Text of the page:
I hope you can find peace after the grief. I'll be holding you in the light. You're worth happiness.


  17. You are not damaged. Remember that. You are scared. Scared from years of abusive treatment by your family. You are a child of God, a child that God loves and cares about.

    I believe everything has a purpose and Harris' purpose in your life was to start pulling you out of the shell that had been erected around you. Perhaps not right now, but later you will meet another person. A person who can understand your reluctance to have a big blown out wedding, a person who can complement you and the person you can live the rest of your life with.

    Today I've been married 26 years. It's not been easy by any means. We came from 2 different family types. His southern, full of expression, and the kind who didn't care if they had to make beds on the floor for extra visitors. Mine was northern, not prone to excess emotion, staid expressions, and a different view on life. We weren't huggers and I married a family of huggers. Talk about feeling uncomfortable. And fried foods. Good lord, I'd never seen so much lard in a kitchen. But we managed to find a middle ground.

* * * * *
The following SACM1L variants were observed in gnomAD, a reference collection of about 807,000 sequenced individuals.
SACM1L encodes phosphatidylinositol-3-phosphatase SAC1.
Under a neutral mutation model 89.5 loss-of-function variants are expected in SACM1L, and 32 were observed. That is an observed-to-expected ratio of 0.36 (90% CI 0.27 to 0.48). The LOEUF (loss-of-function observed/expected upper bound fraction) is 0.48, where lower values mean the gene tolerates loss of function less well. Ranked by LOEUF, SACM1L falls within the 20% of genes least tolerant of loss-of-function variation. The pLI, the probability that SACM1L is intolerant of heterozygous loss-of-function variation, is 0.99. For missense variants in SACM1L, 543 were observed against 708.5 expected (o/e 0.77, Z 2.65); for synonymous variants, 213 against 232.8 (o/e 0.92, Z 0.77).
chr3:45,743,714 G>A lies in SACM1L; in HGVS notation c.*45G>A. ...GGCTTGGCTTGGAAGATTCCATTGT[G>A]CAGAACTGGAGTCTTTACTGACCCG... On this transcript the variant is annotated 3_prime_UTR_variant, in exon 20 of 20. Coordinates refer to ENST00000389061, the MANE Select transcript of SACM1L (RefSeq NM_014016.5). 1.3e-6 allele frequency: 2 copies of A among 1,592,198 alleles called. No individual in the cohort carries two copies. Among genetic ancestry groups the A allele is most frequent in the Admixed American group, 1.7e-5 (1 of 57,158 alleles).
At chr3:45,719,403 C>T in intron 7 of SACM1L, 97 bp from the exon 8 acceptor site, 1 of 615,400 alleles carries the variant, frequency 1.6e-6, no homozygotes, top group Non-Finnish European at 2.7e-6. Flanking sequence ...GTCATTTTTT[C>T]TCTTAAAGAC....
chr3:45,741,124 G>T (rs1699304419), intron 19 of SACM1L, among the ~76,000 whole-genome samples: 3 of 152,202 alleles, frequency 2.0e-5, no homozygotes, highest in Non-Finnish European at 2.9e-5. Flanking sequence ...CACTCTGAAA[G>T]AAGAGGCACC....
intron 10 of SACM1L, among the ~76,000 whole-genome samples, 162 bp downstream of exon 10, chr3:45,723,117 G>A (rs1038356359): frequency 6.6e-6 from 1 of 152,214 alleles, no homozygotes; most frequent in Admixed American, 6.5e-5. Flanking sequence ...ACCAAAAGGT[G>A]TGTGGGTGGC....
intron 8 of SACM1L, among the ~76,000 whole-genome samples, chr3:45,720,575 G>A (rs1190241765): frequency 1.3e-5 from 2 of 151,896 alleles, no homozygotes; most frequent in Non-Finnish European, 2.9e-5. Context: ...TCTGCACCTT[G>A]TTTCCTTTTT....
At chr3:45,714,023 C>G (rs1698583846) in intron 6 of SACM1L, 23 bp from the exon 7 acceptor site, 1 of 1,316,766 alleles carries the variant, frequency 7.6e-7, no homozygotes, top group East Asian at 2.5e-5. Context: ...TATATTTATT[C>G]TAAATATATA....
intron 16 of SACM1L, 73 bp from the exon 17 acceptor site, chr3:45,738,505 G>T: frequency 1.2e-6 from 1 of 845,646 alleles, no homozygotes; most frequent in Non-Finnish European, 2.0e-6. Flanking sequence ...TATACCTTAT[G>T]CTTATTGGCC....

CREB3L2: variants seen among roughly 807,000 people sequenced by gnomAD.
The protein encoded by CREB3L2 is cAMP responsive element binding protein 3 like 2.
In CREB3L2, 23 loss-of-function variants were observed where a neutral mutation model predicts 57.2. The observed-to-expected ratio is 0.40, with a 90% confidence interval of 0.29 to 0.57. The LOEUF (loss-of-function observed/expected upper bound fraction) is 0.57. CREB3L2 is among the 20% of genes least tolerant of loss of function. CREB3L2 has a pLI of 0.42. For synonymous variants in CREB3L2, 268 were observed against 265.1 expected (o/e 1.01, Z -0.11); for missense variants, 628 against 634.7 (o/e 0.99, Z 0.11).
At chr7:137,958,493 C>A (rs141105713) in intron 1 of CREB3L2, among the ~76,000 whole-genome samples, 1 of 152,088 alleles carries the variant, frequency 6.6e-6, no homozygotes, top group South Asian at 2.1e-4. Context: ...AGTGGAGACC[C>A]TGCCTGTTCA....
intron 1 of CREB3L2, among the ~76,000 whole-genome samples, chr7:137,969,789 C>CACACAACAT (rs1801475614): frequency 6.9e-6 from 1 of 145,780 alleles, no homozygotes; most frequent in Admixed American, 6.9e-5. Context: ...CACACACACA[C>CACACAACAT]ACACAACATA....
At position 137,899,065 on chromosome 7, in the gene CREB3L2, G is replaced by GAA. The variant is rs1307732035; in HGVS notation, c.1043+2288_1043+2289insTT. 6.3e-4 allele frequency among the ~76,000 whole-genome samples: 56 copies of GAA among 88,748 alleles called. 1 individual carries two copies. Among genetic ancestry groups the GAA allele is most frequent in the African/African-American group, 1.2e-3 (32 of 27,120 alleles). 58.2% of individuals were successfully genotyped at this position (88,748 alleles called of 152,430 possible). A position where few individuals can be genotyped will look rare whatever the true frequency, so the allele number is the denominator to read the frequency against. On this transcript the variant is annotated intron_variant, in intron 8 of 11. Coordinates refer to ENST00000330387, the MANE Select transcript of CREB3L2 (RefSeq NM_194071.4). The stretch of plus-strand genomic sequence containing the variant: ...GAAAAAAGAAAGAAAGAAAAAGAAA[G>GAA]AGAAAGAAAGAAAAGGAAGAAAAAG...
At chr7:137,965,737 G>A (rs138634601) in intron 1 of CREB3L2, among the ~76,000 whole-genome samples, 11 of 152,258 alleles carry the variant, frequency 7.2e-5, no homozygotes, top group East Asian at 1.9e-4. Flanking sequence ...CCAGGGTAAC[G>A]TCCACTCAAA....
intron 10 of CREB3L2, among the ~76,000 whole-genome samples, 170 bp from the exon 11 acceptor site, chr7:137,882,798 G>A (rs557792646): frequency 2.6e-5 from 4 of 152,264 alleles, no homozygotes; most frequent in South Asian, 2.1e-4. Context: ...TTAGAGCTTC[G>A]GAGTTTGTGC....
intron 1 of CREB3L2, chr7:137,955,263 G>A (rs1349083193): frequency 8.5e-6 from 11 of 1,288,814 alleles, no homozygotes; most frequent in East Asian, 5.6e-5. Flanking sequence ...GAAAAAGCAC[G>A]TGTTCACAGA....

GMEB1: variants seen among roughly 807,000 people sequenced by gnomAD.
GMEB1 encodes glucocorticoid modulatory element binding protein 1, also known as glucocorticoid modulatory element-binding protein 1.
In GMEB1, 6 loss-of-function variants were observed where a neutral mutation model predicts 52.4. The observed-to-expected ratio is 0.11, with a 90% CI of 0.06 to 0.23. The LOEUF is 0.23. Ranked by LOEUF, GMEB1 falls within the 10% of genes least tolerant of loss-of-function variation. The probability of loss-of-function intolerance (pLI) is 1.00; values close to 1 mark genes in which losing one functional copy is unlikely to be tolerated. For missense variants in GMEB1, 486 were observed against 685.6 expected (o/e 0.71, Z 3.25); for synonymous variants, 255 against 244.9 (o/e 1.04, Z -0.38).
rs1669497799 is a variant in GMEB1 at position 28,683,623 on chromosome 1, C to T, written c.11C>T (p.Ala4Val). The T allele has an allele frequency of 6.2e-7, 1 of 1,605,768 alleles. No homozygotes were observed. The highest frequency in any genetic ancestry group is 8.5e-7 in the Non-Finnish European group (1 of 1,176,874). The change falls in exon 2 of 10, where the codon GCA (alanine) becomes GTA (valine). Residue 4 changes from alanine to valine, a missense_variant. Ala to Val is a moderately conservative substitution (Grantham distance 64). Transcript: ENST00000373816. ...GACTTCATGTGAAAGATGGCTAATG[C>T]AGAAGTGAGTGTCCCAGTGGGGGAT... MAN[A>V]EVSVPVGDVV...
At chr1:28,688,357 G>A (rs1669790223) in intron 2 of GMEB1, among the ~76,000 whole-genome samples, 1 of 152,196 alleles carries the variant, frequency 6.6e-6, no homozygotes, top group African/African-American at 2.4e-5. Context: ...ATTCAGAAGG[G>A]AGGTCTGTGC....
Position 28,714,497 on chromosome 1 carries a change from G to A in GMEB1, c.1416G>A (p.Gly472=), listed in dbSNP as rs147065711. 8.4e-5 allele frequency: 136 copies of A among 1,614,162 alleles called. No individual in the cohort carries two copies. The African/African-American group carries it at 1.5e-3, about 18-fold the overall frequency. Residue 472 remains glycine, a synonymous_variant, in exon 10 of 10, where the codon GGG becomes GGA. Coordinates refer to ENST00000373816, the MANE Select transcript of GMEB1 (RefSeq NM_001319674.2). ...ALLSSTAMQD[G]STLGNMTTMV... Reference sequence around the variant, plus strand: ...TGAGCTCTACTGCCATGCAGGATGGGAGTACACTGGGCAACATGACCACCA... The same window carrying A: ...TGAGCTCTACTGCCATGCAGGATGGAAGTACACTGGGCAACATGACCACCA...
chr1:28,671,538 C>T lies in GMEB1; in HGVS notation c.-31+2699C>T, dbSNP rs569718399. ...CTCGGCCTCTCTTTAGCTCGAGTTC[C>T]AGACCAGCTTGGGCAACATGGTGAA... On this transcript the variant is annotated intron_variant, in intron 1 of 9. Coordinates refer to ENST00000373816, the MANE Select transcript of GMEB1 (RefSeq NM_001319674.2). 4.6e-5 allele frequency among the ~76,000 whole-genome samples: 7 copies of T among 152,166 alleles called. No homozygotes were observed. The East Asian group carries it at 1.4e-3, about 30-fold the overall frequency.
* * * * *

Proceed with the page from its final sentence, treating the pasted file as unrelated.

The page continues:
You have entered a valley of life. But on the other side of this dark valley, on the other side of this mountain of grief and despair is a green meadow where life will go on and peace will come.

  18. Family is not required in a marriage. My fiance and I are getting married in the spring - his mom is an hour away, we see her every few months. My folks are in another state, we see them once or twice a year. They aren't in our lives very much. There is absolutely no requirement that you invite them to be a huge part of your lives. And if you feel you aren't ready to have them be, that's okay.

  19. Oh honey... I'm so sorry for the confusion and hurt of the place you're in right now. I've been where you were at... and we got married. And we have a good life together. But sometimes I think we would have benefited greatly from the further examination that you were brave enough to do; we might have discovered that we were meant for a purpose in each other's life for that period of time, but not for a lifetime. I pray that despite the extremely hard place you find yourself in now that someday soon you'll be able to see something good, some kind of growth out of it; either a gratitude that the hard stuff saved you from something even harder, or perhaps even that you both were able to cultivate separately what makes you work together. ((hugs))

  20. *hugs* My first engagement ended in a painful break-up and it was very painful at the time. But I know I would have been unhappy if I had married him.

    I did find a great guy who I mesh much better with that I did marry. But marriage isn't for everyone.

    I have a dear friend who has a long time boyfriend but neither wants to get married. They are happy the way they are. And being child-free is perfectly fine way to live your life - you just need to attempt find someone who meshes with what you want in life.

    For now, don't be so hard on yourself. Many people have been there without the history of abuse you have been though.